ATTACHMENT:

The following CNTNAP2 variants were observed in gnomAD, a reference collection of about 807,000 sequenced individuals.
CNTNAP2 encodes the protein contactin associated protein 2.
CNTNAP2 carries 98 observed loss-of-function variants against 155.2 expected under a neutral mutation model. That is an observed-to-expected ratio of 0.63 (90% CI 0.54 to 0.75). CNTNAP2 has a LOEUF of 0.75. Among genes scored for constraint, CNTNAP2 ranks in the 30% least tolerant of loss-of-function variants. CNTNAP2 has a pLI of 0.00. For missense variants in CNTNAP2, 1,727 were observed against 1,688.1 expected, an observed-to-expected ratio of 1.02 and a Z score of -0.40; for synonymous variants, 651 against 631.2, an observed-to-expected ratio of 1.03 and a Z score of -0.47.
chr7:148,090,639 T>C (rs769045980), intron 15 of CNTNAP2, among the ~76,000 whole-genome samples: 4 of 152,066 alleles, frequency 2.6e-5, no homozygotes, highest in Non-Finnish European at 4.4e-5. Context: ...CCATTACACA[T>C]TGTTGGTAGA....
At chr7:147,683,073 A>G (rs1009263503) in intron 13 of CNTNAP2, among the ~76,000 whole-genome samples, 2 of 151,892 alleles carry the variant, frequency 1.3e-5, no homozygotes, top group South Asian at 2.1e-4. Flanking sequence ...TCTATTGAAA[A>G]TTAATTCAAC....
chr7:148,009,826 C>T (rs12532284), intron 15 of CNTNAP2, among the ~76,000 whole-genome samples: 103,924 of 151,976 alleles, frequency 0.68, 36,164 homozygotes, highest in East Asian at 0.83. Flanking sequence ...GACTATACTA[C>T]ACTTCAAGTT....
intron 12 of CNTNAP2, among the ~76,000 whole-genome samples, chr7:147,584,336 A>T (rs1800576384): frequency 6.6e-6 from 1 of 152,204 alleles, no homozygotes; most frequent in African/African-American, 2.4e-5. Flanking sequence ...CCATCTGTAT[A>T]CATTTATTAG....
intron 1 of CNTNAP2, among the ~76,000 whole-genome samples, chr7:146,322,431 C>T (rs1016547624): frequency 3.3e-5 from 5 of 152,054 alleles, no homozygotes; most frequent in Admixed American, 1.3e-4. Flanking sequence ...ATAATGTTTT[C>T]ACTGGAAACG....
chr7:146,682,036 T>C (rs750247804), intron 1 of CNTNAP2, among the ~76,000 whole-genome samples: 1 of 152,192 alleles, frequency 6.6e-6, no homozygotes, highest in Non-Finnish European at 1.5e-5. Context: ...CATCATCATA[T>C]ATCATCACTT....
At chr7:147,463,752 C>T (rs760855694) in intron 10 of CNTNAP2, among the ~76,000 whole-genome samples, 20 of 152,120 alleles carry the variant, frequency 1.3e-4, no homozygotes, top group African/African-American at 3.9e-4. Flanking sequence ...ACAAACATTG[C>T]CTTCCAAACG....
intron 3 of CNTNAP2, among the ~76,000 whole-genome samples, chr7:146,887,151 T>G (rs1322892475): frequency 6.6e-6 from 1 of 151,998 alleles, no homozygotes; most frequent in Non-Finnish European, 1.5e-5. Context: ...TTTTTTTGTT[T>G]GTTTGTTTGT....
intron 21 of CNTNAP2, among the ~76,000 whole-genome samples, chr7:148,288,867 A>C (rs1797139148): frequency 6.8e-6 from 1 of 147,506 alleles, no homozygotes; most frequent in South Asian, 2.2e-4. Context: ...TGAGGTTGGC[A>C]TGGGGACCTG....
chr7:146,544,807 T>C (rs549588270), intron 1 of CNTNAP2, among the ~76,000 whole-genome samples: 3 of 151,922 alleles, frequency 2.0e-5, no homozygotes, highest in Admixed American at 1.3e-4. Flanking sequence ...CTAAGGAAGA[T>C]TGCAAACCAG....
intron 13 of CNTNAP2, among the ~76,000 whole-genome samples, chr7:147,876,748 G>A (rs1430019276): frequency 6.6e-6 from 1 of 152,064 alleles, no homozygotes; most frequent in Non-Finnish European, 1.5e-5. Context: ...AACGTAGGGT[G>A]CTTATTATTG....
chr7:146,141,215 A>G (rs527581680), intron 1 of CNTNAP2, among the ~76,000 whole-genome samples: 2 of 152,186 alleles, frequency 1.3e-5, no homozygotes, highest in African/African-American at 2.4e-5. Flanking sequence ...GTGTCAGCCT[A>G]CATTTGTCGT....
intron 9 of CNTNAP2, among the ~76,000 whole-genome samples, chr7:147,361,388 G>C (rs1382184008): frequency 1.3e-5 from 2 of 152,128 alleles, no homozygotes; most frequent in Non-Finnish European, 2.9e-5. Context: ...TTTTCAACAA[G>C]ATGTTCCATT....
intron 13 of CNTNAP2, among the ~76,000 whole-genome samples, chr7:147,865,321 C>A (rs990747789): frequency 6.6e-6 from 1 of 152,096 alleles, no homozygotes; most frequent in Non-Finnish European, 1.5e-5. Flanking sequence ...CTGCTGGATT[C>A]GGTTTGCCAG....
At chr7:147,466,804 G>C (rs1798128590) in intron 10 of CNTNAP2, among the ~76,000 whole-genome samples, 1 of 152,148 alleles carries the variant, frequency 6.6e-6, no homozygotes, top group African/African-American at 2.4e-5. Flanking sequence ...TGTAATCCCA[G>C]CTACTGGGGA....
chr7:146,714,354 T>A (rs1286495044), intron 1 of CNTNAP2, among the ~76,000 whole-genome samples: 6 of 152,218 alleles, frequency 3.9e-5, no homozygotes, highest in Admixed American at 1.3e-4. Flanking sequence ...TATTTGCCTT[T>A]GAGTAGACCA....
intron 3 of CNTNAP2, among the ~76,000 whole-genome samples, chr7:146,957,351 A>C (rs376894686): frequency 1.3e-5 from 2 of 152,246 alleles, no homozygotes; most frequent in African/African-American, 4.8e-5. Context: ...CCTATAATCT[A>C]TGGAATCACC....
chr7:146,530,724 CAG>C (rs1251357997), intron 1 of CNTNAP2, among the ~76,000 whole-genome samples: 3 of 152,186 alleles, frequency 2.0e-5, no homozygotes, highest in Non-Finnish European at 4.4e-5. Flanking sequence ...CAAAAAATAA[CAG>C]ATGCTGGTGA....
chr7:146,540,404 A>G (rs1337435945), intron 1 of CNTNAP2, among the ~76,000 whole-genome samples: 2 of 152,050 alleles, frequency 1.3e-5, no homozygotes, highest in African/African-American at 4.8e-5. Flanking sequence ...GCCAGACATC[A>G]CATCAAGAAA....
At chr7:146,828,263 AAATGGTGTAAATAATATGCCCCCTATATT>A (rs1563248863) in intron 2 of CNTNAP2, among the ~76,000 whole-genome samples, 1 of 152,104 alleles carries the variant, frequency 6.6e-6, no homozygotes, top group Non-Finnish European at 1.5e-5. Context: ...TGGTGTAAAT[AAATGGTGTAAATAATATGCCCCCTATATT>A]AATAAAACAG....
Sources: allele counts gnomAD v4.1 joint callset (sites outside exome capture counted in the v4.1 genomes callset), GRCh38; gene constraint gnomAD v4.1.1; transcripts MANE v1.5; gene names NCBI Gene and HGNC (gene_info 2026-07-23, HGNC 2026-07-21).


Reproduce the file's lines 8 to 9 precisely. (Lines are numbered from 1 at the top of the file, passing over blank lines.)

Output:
intron 1 of CNTNAP2, among the ~76,000 whole-genome samples, chr7:146,322,431 C>T (rs1016547624): frequency 3.3e-5 from 5 of 152,054 alleles, no homozygotes; most frequent in Admixed American, 1.3e-4. Flanking sequence ...ATAATGTTTT[C>T]ACTGGAAACG....
chr7:146,682,036 T>C (rs750247804), intron 1 of CNTNAP2, among the ~76,000 whole-genome samples: 1 of 152,192 alleles, frequency 6.6e-6, no homozygotes, highest in Non-Finnish European at 1.5e-5. Context: ...CATCATCATA[T>C]ATCATCACTT....